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All used materials offer different sustainable specifications. Beginning with the supreme discipline of cradle to cradle certification, bluesign, ecotex 100 or recycled cashmere yarn. Species-appropriate husbandry is as well taken into account as the use of pre- and post-consumer waste. Material's naturalness would allow composting of almost every garment of our collection. Due to unknown manufacturing details of some of our used production leftovers, some products can only be up- or recycled.


The following overview shows materials we already use or plan for future production:

Merino wool

GOTS, bluesign, IVN, Ecotex 100, KBT and EXP certified. The yarn is also species-appropriate made, which means sheep are not exposed to torturous muelsing processes.

Supplier: Schöller (Austria), quality Supreme GOTS KBT EXP

Cashmere wool

Our cashmere is made of 95% recycled fibres and 5% virgin merino wool. For our production leftovers, so called pre-consumer waste, is used. With the usage of predominantly recycled fibres less virgin resources are taken. Some recycling processes require a lot of energy and sometimes chemicals to dissolve old materials into pulp. As opposed to this the waste for our yarn is sourced in Italy and selected European countries and transformed mechanically into new fibres.

Supplier: Filpucci (Italy), quality Ninetyfive

British wool

Woven fabric made from 100% British wool and dyed with natural indigo.

Supplier: London Cloth Company (UK), quality Sloane

Our raw denim comes from the production of Belgian brand Its components are 56% urbanfibres (post-consumer waste), 23% cotton and 21% tencel. For dying the ecofriendly technique by is used, no chemicals need to be added.

Supplier: Let's be honest (Belgium)

Shirting cotton fabric

With a mix of 36% post-consumer waste denim and 64% cotton, respectively 34% post-consumer waste and 66% cotton, both fabrics relate to the principle of using waste.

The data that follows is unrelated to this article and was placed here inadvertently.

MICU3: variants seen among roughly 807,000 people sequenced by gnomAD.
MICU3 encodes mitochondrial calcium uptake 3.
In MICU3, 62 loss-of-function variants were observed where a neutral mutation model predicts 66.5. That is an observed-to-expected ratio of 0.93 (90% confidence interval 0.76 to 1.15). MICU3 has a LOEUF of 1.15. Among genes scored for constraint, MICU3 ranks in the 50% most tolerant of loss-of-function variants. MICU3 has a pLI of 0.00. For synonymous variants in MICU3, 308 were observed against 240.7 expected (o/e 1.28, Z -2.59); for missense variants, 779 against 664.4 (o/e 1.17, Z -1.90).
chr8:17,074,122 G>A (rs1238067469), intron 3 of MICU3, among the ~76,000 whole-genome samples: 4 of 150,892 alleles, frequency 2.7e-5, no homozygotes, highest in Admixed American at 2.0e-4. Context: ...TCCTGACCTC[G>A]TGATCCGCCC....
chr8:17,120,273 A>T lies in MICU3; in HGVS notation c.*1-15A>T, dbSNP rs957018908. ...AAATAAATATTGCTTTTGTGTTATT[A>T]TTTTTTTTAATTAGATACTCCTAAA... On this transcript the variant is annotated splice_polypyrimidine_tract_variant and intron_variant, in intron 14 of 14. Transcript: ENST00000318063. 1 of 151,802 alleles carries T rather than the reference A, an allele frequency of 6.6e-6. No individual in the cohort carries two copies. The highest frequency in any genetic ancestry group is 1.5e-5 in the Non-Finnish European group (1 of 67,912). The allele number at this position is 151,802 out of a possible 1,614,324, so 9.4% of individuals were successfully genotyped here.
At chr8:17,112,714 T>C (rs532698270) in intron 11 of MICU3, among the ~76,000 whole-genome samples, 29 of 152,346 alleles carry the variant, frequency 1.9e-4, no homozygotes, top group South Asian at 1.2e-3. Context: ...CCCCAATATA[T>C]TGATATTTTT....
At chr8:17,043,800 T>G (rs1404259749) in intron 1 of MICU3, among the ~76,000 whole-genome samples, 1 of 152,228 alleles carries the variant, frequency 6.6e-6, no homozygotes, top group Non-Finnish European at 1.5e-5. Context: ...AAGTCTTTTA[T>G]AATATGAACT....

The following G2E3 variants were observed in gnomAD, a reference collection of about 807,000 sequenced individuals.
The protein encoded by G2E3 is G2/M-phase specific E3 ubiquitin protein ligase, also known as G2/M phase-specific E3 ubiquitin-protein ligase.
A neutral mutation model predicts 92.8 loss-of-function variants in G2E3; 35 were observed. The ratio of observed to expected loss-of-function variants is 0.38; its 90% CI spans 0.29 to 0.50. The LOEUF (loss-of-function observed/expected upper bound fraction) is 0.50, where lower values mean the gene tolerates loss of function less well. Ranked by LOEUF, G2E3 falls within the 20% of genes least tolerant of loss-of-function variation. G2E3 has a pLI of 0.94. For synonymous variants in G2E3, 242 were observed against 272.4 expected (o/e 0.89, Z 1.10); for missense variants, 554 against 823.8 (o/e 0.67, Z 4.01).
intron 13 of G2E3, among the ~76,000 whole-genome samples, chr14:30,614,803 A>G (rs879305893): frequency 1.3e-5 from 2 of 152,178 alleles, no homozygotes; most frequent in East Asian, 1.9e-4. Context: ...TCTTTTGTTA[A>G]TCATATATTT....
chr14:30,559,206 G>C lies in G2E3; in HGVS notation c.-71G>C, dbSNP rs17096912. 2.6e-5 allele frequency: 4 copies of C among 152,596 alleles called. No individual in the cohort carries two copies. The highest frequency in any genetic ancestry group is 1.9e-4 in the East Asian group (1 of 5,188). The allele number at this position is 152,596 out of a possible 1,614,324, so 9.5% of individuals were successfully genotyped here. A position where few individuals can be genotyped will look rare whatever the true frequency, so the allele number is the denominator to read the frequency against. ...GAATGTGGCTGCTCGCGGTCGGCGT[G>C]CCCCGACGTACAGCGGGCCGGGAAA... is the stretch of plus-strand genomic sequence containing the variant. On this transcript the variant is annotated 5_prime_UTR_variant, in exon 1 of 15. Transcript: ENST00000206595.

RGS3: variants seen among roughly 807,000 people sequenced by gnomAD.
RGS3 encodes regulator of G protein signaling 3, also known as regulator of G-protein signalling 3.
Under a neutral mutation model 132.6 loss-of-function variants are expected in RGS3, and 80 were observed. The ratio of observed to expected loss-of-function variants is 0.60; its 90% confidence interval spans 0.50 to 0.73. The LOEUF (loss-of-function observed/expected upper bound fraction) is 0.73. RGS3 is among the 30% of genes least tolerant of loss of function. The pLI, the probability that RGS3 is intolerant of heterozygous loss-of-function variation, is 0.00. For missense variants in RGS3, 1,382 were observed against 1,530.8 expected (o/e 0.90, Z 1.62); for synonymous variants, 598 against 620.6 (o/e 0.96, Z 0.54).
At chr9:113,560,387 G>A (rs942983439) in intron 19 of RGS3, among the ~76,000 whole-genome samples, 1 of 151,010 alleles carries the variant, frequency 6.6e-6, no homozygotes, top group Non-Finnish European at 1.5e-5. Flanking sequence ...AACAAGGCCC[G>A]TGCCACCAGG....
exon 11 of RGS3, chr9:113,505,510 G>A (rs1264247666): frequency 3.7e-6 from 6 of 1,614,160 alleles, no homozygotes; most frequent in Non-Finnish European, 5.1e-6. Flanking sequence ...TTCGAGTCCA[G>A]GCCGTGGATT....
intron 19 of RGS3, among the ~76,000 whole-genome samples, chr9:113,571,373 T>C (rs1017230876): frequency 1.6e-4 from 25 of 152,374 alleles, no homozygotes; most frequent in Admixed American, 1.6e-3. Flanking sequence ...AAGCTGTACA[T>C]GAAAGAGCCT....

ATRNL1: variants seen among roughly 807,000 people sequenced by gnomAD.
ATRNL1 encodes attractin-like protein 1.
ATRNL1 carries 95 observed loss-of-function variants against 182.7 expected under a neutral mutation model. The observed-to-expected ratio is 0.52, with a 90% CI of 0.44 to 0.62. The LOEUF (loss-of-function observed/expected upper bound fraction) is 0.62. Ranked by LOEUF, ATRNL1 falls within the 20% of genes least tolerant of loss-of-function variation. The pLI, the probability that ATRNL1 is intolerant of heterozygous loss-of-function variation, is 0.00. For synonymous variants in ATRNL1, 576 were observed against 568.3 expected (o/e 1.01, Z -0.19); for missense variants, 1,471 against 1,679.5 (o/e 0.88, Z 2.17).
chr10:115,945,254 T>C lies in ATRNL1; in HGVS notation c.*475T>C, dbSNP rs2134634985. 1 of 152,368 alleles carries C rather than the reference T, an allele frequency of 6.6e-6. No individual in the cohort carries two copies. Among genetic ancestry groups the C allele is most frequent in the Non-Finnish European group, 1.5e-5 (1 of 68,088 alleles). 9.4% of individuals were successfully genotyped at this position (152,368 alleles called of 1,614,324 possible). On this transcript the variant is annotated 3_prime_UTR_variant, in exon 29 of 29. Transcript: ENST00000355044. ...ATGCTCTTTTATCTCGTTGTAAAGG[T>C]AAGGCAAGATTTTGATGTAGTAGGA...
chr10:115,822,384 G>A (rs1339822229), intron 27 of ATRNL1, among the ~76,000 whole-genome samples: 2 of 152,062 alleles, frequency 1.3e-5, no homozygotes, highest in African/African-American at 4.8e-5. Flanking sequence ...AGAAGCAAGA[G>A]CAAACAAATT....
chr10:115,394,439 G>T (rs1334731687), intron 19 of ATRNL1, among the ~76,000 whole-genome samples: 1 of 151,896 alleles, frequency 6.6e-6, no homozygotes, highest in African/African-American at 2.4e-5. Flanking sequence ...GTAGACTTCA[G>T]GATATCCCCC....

Supplier: Enschede Textielstad (Netherlands), quality 37.17 Panama and 100.17 Chambray




With its natural qualities organic linen usually has a great compatibility to composting and can quickly recirculate to a 100%. As we use pre-consumer waste from other productions, we do not have detailed information about its origin. Therefore only up- and recycling processes can be considered for possible end of life solutions.

Supplier: Hamburg State Opera (Germany), pre-consumer waste


In contrast to conventional cellulose production, tencel requires no chemicals to dissolve from its base wood into pulp. Furthermore it can be composted depending on its certification. Sewing threads are Cradle to Cradle certified and are made of 100% tencel.
Supplier: denim (Belgium), 21% tencel;

                sewing thread Johann Mueller AG (Switzerland), quality tencel


On basis of cellulose production ramie is made of nettle plants. To transform nettles into textile fibres biological enzymes are added. This leads to corrosion of harder plant components, boiling the pulp makes it processible to its further production into yarn. Necessary water is recycled and used multiple times. Nettles grow quickly and do not need special treatment from seed to harvest.

Supplier: Anthyia (China)

Peace silk

To source the finest fibres of the metamorphosis process of the Erie worm only already left cocoons are collected and used. No animal is killed as through the conventional dissolving through cooking..

Supplier: Five P Venture (India)


The use of buttons and zippers is mainly avoided through special pattern cutting. Mixing different materials makes composting and recycling difficult, as every non biodegradable component has to be removed from garments before they can be recirculated. Buttons are made of 96% casein and are certified to be biodegradable.

Supplier: Courtney & Co. (UK), quality Codelite Tewkesbury 17

Distinct Threads, a documentary about Enschede Textielstad by Aldo Heubel

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